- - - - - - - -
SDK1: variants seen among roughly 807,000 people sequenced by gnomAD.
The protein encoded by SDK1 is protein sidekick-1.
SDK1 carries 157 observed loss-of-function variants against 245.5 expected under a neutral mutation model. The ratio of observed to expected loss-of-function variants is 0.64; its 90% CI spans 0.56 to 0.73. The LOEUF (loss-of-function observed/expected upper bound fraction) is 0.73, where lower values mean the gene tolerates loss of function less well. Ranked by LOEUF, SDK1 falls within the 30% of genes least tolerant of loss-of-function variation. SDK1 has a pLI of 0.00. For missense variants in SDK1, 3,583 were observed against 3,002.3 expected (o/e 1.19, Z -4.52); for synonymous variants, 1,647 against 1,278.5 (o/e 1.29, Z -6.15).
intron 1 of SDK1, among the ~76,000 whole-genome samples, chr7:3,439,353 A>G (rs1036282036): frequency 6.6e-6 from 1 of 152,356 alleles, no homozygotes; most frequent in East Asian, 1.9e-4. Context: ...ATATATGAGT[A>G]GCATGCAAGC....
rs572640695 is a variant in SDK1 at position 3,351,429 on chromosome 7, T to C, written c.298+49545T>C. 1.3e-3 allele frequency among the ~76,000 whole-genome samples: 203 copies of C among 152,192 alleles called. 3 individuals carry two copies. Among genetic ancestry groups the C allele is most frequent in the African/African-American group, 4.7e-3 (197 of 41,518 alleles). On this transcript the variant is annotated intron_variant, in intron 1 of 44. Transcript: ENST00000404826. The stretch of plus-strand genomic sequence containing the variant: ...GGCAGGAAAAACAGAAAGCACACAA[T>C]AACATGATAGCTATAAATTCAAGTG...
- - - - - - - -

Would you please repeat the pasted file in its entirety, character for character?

SDK1: variants seen among roughly 807,000 people sequenced by gnomAD.
The protein encoded by SDK1 is protein sidekick-1.
SDK1 carries 157 observed loss-of-function variants against 245.5 expected under a neutral mutation model. The ratio of observed to expected loss-of-function variants is 0.64; its 90% CI spans 0.56 to 0.73. The LOEUF (loss-of-function observed/expected upper bound fraction) is 0.73, where lower values mean the gene tolerates loss of function less well. Ranked by LOEUF, SDK1 falls within the 30% of genes least tolerant of loss-of-function variation. SDK1 has a pLI of 0.00. For missense variants in SDK1, 3,583 were observed against 3,002.3 expected (o/e 1.19, Z -4.52); for synonymous variants, 1,647 against 1,278.5 (o/e 1.29, Z -6.15).
intron 1 of SDK1, among the ~76,000 whole-genome samples, chr7:3,439,353 A>G (rs1036282036): frequency 6.6e-6 from 1 of 152,356 alleles, no homozygotes; most frequent in East Asian, 1.9e-4. Context: ...ATATATGAGT[A>G]GCATGCAAGC....
rs572640695 is a variant in SDK1 at position 3,351,429 on chromosome 7, T to C, written c.298+49545T>C. 1.3e-3 allele frequency among the ~76,000 whole-genome samples: 203 copies of C among 152,192 alleles called. 3 individuals carry two copies. Among genetic ancestry groups the C allele is most frequent in the African/African-American group, 4.7e-3 (197 of 41,518 alleles). On this transcript the variant is annotated intron_variant, in intron 1 of 44. Transcript: ENST00000404826. The stretch of plus-strand genomic sequence containing the variant: ...GGCAGGAAAAACAGAAAGCACACAA[T>C]AACATGATAGCTATAAATTCAAGTG...